Two South Sudanese Presbyterian pastors who faced death penalties on charges of espionage have been freed from prison after months in detention following a judge's order for their release on Wednesday.
As previously reported, pastors Yat Michael and Peter Yein Reith were arrested by Sudanese authorities last winter and detained without charges and prevented from access to their family and lawyers until March 1.
They were eventually charged with various crimes against the state, including criminal conspiracy, espionage, promoting hatred amongst the sects, blasphemy, undermining the constitutional system, obtaining official documents and disturbing the peace, two charges of which were punishable by death. more >>
The anonymous woman who tipped off the defense to a lying juror was described as Aaron Hernandez's erotic pen pal, prosecutors said.
Based on a court filing Monday, Bristol County Assistant District Prosecutor William McCauley said the tipster who pointed out that one of the juror's was lying had been having an "ongoing sexually explicit relationship" with Hernandez even before his murder trial.
McCauley questioned the as-yet-unnamed woman's credibility after she sent a tip in April just after the jury had returned with its guilty verdict, alleging that a jury member who had voted to convict the former NFL player for first-degree murder, was lying. more >>
A former Tennessee state legislator and his two sons have been charged with multiple counts of wire fraud for allegedly conning more than 300 Christians into buying gold and silver through their financial consulting company, and did so by convincing victims they needed to guard themselves against "mystery Babylon," a reference to the End Times.
Larry Bates and his sons, Charles "Chuck" Bates and Robert Bates, were indicted this week in Memphis, Tennessee, for using their financial company, First American Monetary Consultants, to sell gold and silver coins and other rare metals to mostly Christian and elderly customers.
According to the FBI and the U.S. Department of Justice, the men, who presented themselves as knowledgeable Christian financial and political advisors, got away with taking people's money and failing to deliver the promised goods for more than 12 years. The Bates' alleged victims span numerous states, including Texas, Alabama, Kansas, Vermont, Oklahoma, Missouri, Florida, and Massachusetts. more >>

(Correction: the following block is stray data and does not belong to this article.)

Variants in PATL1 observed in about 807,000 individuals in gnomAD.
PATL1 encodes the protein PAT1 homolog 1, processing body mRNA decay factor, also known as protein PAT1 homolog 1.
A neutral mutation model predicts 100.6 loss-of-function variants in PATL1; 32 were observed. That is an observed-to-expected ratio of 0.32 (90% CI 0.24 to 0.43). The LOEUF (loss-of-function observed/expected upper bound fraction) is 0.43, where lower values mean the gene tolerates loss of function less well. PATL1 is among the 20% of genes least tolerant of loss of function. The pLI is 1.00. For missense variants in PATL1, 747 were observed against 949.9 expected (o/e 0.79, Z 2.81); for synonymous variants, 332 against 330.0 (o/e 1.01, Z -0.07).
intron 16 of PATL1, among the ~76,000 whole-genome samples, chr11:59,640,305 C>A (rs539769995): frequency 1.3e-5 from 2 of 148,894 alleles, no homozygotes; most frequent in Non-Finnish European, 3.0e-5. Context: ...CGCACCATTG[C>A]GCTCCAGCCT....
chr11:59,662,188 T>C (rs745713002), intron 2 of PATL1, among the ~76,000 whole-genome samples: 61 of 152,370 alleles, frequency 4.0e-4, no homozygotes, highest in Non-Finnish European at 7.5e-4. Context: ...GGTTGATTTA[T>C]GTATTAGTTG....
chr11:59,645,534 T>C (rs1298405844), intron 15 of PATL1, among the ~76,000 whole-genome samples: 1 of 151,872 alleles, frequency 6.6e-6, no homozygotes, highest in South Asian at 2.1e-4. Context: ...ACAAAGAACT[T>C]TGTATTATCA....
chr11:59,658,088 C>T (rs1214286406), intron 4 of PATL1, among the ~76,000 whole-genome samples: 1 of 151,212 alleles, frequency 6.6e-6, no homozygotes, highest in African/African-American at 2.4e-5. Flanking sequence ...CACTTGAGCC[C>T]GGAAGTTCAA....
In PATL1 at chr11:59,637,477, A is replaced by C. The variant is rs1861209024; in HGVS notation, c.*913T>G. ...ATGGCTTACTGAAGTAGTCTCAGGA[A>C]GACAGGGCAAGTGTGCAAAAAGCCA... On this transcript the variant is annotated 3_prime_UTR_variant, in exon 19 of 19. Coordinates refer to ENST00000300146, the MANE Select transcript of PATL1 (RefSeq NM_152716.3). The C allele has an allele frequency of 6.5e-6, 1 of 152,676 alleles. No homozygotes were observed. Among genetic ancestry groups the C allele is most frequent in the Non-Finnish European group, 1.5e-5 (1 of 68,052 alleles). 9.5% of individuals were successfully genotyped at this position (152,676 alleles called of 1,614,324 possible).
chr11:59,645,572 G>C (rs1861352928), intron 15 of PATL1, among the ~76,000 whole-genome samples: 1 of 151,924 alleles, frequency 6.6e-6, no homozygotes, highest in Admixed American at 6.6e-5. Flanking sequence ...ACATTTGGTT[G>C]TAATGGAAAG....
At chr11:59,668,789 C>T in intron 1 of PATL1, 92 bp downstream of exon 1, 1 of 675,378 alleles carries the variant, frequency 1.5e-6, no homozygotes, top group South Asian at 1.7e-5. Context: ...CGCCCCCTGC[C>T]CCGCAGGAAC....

Two African-American churches that have served their urban Texas community for decades are fighting for survival as the city of Houston has made plans to bulldoze one of the church buildings and condemn the other church's properties in order to clear space for a new urban renewal project.
The Liberty Institute, the legal group representing Christian Fellowship Missionary Baptist Church and Latter Day Deliverance Revival Center in the city's Fifth Ward, filed a lawsuit Tuesday seeking to prevent the city government from "stealing" the church properties through eminent domain.
The city has planned to procure four parcels of land in the Fifth Ward, which all are located on one city block, and include both the Christian Fellowship church building on New Orleans Street and three properties owned by Latter Day that are used for community gatherings and also serve as youth centers, rehabilitation ministries, food pantries and other important ministries. more >>
A group of pastors have filed a lawsuit against a Texas city mayor whose administration refused to allow a referendum on a controversial transgender rights ordinance.
The Houston Area Pastors Council, being represented by attorney Andy Taylor, filed the suit against Mayor Annise Parker on Monday over her administration's refusal to put the Houston Equal Rights Ordinance on the ballot.
Former sportscaster Craig James has filed a lawsuit against Fox Sports in a Texas court over their firing him in 2013 because of comments he made criticizing homosexuality.
Filed in Dallas County District Court on Monday, James accused Fox Sports of dismissing him over expressing his sincere religious beliefs on the matter of sexual ethics.
"Through the actions of its executives, including its president and vice president of communications, Fox Sports hired Craig James as a sportscaster, then terminated him for his religious beliefs — religious beliefs he expressed before working there, more than a year prior," read the suit, in part. more >>